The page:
David Weintrop, Ph.D.
Assistant Professor (joint appointment with the College of Information Studies)
Alma Mater: Northwestern University
He was drawn to UMD because it has what he describes as “a wonderful mix of academic rigor,” and an “opportunity to make a real impact in the lives of students.
A former software developer, Dr. Weintrop’s research focuses on the design, implementation and evaluation of accessible and engaging computational learning environments, especially in the design and creation of programming environments and learning experiences to get people excited about and engaged in computing. He is also interested in the use of technological tools in supporting exploration and expression across diverse contexts, including STEM classrooms and informal spaces.
Department of Counseling, Higher Education and Special Education
Kelli Crane, Ph.D.
Assistant Research Professor
Alma Mater: Virginia Tech
Dr. Crane’s research interests include examining programs and practices to improve post-school outcomes for transition age youth with disabilities, with a focus on randomized control trials. Currently, she is directing a randomized control trial funded by the U.S. Department of Education on work-based learning initiatives for students with disabilities.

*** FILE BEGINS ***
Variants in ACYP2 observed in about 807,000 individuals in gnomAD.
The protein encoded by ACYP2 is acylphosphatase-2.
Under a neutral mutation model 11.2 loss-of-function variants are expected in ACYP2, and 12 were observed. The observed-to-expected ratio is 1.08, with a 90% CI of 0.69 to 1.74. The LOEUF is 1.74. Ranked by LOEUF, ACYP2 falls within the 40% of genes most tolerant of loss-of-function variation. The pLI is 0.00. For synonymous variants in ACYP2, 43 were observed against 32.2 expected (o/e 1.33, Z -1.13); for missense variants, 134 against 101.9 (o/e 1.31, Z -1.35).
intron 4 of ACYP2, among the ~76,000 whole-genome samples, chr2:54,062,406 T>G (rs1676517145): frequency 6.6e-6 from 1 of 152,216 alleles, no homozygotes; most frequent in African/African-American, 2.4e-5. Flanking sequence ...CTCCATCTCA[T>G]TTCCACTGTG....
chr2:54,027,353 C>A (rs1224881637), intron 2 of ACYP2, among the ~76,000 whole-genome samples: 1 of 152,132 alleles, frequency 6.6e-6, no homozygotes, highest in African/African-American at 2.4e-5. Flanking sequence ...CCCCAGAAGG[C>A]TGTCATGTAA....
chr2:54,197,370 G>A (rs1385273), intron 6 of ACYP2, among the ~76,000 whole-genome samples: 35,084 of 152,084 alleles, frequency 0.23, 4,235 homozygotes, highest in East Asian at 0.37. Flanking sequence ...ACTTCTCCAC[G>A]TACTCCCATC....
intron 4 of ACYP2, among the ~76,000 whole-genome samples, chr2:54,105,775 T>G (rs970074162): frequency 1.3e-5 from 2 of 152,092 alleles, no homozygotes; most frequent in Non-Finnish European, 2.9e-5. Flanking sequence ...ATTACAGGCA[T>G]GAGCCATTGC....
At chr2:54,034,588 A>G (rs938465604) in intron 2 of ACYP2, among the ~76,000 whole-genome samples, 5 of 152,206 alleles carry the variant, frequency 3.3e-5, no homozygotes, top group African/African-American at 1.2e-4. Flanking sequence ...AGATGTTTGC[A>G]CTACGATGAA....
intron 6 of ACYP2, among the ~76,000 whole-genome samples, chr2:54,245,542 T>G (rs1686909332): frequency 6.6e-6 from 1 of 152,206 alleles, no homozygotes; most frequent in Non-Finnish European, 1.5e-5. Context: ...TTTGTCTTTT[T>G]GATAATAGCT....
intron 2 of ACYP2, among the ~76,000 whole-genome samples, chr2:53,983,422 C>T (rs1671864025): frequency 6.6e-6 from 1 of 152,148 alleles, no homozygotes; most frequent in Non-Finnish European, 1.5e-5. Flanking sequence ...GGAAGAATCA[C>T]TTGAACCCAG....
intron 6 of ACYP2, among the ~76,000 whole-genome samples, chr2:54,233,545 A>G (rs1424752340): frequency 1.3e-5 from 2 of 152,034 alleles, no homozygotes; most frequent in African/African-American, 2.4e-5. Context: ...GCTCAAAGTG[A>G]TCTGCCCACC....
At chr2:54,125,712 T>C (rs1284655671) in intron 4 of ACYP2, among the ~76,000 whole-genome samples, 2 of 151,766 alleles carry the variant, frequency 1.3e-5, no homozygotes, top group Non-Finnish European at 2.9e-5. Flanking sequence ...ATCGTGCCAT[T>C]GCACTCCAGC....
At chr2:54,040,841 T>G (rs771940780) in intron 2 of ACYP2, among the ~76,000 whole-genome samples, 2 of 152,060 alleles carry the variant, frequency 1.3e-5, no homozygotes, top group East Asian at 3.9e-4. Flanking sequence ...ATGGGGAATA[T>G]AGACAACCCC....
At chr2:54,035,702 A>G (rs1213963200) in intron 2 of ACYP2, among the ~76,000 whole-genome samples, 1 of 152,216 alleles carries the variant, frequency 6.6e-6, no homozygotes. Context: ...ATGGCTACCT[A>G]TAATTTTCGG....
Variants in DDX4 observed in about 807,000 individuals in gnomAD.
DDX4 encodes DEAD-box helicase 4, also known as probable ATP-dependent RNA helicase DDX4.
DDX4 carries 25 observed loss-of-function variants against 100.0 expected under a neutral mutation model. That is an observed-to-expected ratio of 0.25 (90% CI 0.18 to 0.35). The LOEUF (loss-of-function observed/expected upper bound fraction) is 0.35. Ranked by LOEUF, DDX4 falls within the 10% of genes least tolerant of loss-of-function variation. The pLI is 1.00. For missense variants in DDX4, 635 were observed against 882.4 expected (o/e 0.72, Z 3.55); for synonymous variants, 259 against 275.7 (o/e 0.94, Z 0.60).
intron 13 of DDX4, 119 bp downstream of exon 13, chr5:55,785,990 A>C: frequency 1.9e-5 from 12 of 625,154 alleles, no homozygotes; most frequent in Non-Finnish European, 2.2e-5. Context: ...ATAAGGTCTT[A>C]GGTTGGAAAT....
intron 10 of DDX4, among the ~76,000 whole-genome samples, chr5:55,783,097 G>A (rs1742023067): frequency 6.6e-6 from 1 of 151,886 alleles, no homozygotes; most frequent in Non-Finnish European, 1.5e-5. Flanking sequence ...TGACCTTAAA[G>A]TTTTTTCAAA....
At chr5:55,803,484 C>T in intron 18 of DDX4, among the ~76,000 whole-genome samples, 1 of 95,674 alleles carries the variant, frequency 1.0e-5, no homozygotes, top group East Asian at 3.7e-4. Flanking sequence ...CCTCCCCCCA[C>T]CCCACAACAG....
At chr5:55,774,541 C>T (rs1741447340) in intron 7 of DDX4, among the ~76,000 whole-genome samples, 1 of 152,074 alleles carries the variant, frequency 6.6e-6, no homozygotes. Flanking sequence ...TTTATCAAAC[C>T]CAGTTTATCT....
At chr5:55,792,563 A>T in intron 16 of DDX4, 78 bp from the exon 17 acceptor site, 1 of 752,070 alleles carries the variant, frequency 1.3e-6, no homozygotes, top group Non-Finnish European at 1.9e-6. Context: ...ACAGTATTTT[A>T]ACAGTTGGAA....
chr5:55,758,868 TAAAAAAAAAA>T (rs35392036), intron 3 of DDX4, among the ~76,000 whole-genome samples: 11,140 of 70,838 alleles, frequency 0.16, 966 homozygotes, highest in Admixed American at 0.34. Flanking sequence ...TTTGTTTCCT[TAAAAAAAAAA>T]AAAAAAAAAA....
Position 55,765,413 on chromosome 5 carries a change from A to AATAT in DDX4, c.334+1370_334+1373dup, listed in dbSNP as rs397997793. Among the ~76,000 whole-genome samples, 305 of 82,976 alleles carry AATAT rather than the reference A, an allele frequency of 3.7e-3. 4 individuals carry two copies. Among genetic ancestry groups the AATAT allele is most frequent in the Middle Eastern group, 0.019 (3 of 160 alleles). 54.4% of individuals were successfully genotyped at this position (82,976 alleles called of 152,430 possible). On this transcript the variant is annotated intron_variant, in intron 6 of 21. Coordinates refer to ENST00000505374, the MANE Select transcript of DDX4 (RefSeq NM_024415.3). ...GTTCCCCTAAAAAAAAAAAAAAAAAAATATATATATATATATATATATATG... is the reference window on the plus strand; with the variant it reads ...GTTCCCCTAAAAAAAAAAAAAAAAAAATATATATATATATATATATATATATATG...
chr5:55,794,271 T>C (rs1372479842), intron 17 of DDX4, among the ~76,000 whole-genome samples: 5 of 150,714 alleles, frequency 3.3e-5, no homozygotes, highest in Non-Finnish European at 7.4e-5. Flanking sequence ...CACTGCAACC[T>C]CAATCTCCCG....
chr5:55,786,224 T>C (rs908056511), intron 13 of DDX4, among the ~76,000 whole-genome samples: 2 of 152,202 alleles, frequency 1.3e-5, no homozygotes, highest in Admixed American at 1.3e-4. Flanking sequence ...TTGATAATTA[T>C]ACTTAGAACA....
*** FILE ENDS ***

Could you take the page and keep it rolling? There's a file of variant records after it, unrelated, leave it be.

“In high school, I started volunteering for various organizations and initiatives that served youth with disabilities. I liked it and did not think of it as work!” Dr. Crane said. “I started down another career path in college. It wasn't until I had a couple years of college complete that I realized working with youth with unique needs was my passion and I could do it for a living.”
Kelly Lee, Ph.D.
Assistant Clinical Professor
Alma Mater: University of Houston
Dr. Lee most recently worked as a clinical counselor at the University of Illinois, Urbana-Champaign in the Disability Resources and Educational Services.
“I chose to work at UMD’s COE because this position was the perfect alignment of my interests and strengths,” Dr. Lee said. “I enjoy problem-solving at both a big-picture level and small-detail level, and establishing a departmental training clinic offered both of these [opportunities]. I am also committed to clinical training and guiding students towards developing skills to make them strong, independent practitioners.”